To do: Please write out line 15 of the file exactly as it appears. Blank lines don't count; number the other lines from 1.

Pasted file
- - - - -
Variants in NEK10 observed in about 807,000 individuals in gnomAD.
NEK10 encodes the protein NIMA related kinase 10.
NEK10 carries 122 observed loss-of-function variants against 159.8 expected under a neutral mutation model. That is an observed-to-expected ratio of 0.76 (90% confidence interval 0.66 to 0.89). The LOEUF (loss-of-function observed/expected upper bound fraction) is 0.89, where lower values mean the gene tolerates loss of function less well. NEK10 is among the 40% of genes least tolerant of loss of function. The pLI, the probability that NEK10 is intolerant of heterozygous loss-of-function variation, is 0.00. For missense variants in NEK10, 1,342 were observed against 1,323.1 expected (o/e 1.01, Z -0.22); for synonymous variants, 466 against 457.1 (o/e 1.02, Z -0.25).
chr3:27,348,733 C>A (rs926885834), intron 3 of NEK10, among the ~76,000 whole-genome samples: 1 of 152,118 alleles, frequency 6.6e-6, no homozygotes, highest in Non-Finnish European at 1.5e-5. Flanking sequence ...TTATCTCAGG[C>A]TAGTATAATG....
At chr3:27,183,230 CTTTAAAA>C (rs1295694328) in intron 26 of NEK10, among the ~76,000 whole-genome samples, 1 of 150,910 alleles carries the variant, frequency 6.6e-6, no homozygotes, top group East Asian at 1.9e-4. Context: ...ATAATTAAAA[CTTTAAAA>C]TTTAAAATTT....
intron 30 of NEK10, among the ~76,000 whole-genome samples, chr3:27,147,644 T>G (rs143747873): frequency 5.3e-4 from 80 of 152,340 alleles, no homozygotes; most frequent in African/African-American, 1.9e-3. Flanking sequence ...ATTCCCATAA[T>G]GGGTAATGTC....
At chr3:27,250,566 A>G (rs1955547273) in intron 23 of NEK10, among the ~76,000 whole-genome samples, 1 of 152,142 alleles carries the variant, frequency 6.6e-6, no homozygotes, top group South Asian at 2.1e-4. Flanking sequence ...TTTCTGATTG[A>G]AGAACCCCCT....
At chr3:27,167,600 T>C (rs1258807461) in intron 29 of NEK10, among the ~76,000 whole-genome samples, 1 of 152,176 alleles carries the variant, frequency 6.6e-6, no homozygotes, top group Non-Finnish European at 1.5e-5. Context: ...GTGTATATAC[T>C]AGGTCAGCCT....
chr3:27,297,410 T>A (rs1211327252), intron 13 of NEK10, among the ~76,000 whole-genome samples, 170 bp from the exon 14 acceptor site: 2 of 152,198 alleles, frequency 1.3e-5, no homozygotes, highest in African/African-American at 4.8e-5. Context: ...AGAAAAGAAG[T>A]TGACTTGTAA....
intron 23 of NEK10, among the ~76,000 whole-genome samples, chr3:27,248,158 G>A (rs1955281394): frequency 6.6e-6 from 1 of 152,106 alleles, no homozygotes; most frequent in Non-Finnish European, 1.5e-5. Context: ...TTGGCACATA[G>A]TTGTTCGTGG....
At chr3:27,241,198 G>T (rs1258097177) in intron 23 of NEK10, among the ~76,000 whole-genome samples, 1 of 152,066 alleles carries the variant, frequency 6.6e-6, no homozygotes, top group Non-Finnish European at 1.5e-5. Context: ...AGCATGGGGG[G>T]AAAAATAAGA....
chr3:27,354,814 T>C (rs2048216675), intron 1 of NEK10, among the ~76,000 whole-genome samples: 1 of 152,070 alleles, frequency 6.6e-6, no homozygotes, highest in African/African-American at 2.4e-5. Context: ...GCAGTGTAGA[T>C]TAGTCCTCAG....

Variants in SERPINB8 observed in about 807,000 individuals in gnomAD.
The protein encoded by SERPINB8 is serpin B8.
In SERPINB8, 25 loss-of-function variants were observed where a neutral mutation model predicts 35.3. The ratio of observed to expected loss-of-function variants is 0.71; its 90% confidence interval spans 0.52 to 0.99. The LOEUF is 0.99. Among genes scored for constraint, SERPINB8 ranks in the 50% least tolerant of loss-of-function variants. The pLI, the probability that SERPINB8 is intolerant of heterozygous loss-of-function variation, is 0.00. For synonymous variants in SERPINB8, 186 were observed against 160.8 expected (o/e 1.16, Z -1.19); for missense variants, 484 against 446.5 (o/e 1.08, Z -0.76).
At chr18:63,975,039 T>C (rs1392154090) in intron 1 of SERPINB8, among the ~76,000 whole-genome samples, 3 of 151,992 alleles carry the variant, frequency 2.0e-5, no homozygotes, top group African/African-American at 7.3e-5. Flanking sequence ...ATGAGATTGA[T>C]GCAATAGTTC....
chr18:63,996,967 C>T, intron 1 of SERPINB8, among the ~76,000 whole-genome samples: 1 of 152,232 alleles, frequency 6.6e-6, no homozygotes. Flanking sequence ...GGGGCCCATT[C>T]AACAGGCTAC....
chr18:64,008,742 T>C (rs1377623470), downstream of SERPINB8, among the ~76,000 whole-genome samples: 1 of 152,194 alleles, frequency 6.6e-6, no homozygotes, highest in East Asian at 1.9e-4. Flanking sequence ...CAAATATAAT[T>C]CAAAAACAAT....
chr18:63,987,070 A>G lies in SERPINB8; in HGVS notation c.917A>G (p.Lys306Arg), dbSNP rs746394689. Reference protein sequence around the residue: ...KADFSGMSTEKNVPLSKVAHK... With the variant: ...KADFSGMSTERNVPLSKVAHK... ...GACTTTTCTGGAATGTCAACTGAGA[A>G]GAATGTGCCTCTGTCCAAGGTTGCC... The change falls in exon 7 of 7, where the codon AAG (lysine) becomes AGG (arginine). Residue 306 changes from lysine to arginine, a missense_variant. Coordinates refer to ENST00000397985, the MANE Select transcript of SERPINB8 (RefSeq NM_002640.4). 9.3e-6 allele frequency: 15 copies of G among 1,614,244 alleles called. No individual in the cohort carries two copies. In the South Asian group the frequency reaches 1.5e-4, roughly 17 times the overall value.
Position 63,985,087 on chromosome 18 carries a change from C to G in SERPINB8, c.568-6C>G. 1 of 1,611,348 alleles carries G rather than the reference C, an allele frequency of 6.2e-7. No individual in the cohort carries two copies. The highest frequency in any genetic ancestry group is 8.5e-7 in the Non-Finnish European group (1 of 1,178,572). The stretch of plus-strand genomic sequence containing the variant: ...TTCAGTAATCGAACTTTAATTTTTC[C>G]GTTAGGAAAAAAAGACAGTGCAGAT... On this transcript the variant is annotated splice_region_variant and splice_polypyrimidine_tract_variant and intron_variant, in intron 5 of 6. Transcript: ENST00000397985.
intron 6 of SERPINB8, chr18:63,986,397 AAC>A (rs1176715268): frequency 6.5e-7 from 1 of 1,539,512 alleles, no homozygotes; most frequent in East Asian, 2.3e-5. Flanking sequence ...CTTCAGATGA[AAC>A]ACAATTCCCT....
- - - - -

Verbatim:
In SERPINB8, 25 loss-of-function variants were observed where a neutral mutation model predicts 35.3. The ratio of observed to expected loss-of-function variants is 0.71; its 90% confidence interval spans 0.52 to 0.99. The LOEUF is 0.99. Among genes scored for constraint, SERPINB8 ranks in the 50% least tolerant of loss-of-function variants. The pLI, the probability that SERPINB8 is intolerant of heterozygous loss-of-function variation, is 0.00. For synonymous variants in SERPINB8, 186 were observed against 160.8 expected (o/e 1.16, Z -1.19); for missense variants, 484 against 446.5 (o/e 1.08, Z -0.76).